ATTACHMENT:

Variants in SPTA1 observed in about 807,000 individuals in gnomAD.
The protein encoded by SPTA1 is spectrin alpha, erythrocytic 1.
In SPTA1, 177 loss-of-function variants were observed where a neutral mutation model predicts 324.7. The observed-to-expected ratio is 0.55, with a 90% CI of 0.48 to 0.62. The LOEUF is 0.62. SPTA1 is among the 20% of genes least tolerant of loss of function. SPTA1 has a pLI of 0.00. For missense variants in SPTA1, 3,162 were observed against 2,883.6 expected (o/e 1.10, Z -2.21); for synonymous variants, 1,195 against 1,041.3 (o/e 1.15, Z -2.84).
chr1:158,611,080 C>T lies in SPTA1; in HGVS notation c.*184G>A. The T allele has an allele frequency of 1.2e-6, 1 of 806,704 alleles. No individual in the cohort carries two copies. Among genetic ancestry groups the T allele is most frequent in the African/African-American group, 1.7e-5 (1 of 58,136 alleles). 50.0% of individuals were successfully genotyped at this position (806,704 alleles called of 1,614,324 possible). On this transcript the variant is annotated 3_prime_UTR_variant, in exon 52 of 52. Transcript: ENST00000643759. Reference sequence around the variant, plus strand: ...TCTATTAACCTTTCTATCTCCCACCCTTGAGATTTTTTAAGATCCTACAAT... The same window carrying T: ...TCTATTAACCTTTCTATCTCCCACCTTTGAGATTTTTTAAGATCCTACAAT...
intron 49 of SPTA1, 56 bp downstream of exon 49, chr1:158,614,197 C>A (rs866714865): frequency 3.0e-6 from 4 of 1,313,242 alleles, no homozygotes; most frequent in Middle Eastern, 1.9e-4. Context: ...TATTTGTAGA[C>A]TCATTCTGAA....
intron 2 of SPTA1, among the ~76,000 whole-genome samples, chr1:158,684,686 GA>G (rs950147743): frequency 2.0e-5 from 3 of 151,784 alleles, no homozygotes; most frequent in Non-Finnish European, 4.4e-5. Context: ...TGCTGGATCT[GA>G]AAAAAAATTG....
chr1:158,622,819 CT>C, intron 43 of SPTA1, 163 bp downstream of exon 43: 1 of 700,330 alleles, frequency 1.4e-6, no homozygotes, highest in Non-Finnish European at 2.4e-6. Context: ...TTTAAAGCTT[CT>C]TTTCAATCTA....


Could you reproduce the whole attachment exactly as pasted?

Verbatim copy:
Variants in SPTA1 observed in about 807,000 individuals in gnomAD.
The protein encoded by SPTA1 is spectrin alpha, erythrocytic 1.
In SPTA1, 177 loss-of-function variants were observed where a neutral mutation model predicts 324.7. The observed-to-expected ratio is 0.55, with a 90% CI of 0.48 to 0.62. The LOEUF is 0.62. SPTA1 is among the 20% of genes least tolerant of loss of function. SPTA1 has a pLI of 0.00. For missense variants in SPTA1, 3,162 were observed against 2,883.6 expected (o/e 1.10, Z -2.21); for synonymous variants, 1,195 against 1,041.3 (o/e 1.15, Z -2.84).
chr1:158,611,080 C>T lies in SPTA1; in HGVS notation c.*184G>A. The T allele has an allele frequency of 1.2e-6, 1 of 806,704 alleles. No individual in the cohort carries two copies. Among genetic ancestry groups the T allele is most frequent in the African/African-American group, 1.7e-5 (1 of 58,136 alleles). 50.0% of individuals were successfully genotyped at this position (806,704 alleles called of 1,614,324 possible). On this transcript the variant is annotated 3_prime_UTR_variant, in exon 52 of 52. Transcript: ENST00000643759. Reference sequence around the variant, plus strand: ...TCTATTAACCTTTCTATCTCCCACCCTTGAGATTTTTTAAGATCCTACAAT... The same window carrying T: ...TCTATTAACCTTTCTATCTCCCACCTTTGAGATTTTTTAAGATCCTACAAT...
intron 49 of SPTA1, 56 bp downstream of exon 49, chr1:158,614,197 C>A (rs866714865): frequency 3.0e-6 from 4 of 1,313,242 alleles, no homozygotes; most frequent in Middle Eastern, 1.9e-4. Context: ...TATTTGTAGA[C>A]TCATTCTGAA....
intron 2 of SPTA1, among the ~76,000 whole-genome samples, chr1:158,684,686 GA>G (rs950147743): frequency 2.0e-5 from 3 of 151,784 alleles, no homozygotes; most frequent in Non-Finnish European, 4.4e-5. Context: ...TGCTGGATCT[GA>G]AAAAAAATTG....
chr1:158,622,819 CT>C, intron 43 of SPTA1, 163 bp downstream of exon 43: 1 of 700,330 alleles, frequency 1.4e-6, no homozygotes, highest in Non-Finnish European at 2.4e-6. Context: ...TTTAAAGCTT[CT>C]TTTCAATCTA....